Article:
Leukocyte rolling on P-selectin: a three-dimensional numerical study of the effect of cytoplasmic viscosity.
Rolling leukocytes deform and show a large area of contact with endothelium under physiological flow conditions. We studied the effect of cytoplasmic viscosity on leukocyte rolling using our three-dimensional numerical algorithm that treats leukocyte as a compound droplet in which the core phase (nucleus) and the shell phase (cytoplasm) are viscoelastic fluids. The algorithm includes the mechanical properties of the cell cortex by cortical tension and considers leukocyte microvilli that deform viscoelastically and form viscous tethers at supercritical force. Stochastic binding kinetics describes binding of adhesion molecules. The leukocyte cytoplasmic viscosity plays a critical role in leukocyte rolling on an adhesive substrate. High-viscosity cells are characterized by high mean rolling velocities, increased temporal fluctuations in the instantaneous velocity, and a high probability for detachment from the substrate. A decrease in the rolling velocity, drag, and torque with the formation of a large, flat contact area in low-viscosity cells leads to a dramatic decrease in the bond force and stable rolling. Using values of viscosity consistent with step aspiration studies of human neutrophils (5-30 Pa·s), our computational model predicts the velocities and shape changes of rolling leukocytes as observed in vitro and in vivo.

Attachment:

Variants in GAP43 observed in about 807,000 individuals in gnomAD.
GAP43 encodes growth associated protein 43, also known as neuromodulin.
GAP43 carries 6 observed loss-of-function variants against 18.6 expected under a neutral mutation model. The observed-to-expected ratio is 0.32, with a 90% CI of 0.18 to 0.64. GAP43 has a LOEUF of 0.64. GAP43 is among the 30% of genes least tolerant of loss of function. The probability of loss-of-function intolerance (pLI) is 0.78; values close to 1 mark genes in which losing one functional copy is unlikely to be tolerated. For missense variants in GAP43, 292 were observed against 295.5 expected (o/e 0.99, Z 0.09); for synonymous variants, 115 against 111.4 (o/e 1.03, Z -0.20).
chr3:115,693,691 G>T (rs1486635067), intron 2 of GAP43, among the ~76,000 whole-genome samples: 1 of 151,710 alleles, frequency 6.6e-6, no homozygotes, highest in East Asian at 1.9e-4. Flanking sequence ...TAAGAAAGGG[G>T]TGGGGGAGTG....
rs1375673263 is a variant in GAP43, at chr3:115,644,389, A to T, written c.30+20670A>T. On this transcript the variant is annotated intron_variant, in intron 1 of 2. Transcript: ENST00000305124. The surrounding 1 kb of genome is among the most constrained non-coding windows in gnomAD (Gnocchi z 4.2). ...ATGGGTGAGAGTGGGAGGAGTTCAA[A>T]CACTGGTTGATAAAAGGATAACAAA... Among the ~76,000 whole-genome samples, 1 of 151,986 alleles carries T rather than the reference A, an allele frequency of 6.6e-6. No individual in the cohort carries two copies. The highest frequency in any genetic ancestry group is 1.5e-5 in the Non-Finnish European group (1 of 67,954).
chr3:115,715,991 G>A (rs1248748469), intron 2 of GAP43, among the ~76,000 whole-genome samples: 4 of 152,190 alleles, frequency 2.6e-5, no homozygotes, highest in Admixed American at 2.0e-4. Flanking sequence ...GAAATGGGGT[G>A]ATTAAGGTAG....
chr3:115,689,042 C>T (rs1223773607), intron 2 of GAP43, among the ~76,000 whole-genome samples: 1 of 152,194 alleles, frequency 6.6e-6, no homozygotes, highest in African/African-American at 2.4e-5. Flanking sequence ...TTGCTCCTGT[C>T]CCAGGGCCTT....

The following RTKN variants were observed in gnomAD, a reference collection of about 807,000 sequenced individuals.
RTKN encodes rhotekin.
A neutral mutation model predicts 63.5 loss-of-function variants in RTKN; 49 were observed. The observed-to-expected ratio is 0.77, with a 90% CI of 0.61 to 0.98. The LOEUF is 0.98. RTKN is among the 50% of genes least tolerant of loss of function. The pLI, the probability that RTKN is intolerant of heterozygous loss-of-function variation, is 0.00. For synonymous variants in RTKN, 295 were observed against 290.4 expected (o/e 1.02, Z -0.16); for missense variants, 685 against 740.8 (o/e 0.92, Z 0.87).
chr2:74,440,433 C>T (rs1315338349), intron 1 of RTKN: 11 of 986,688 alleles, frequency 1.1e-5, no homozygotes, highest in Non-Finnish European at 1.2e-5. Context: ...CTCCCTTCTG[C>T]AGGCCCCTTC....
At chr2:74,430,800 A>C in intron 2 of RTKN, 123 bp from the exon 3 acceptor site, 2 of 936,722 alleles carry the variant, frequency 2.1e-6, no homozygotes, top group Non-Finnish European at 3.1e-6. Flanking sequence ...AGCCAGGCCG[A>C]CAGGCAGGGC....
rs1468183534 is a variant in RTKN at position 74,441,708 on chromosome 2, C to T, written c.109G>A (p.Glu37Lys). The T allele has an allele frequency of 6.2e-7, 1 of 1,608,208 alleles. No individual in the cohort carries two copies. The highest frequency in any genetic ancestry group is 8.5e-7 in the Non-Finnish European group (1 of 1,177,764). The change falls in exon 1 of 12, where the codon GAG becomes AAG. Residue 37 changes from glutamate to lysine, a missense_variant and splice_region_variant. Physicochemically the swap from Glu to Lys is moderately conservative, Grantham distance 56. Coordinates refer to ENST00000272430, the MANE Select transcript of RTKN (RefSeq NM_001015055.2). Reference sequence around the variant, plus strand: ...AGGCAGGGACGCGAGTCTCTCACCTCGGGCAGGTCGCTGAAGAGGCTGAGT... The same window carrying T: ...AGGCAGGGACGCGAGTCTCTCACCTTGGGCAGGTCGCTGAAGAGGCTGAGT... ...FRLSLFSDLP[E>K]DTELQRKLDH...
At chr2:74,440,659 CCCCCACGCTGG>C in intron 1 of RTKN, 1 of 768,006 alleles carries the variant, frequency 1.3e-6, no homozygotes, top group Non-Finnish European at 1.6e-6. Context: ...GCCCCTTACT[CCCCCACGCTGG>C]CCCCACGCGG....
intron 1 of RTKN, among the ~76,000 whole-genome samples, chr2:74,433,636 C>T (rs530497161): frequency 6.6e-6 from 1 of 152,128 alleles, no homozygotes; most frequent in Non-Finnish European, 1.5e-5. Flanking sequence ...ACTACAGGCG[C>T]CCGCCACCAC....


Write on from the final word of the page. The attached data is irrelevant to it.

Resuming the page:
Khismatullin, DB; Truskey, GA
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